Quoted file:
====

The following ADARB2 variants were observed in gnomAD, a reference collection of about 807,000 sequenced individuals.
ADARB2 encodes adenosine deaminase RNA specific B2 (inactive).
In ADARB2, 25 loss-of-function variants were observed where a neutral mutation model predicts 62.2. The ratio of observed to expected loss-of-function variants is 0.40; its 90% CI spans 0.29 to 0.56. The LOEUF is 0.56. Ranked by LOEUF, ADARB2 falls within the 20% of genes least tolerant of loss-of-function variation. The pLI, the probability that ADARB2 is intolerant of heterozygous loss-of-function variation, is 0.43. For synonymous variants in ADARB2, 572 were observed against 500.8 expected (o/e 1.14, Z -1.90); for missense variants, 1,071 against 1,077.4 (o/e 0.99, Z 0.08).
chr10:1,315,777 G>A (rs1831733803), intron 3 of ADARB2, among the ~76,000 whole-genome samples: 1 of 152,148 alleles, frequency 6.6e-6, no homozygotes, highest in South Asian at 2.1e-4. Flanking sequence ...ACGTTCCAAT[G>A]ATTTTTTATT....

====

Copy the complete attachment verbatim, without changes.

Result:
The following ADARB2 variants were observed in gnomAD, a reference collection of about 807,000 sequenced individuals.
ADARB2 encodes adenosine deaminase RNA specific B2 (inactive).
In ADARB2, 25 loss-of-function variants were observed where a neutral mutation model predicts 62.2. The ratio of observed to expected loss-of-function variants is 0.40; its 90% CI spans 0.29 to 0.56. The LOEUF is 0.56. Ranked by LOEUF, ADARB2 falls within the 20% of genes least tolerant of loss-of-function variation. The pLI, the probability that ADARB2 is intolerant of heterozygous loss-of-function variation, is 0.43. For synonymous variants in ADARB2, 572 were observed against 500.8 expected (o/e 1.14, Z -1.90); for missense variants, 1,071 against 1,077.4 (o/e 0.99, Z 0.08).
chr10:1,315,777 G>A (rs1831733803), intron 3 of ADARB2, among the ~76,000 whole-genome samples: 1 of 152,148 alleles, frequency 6.6e-6, no homozygotes, highest in South Asian at 2.1e-4. Flanking sequence ...ACGTTCCAAT[G>A]ATTTTTTATT....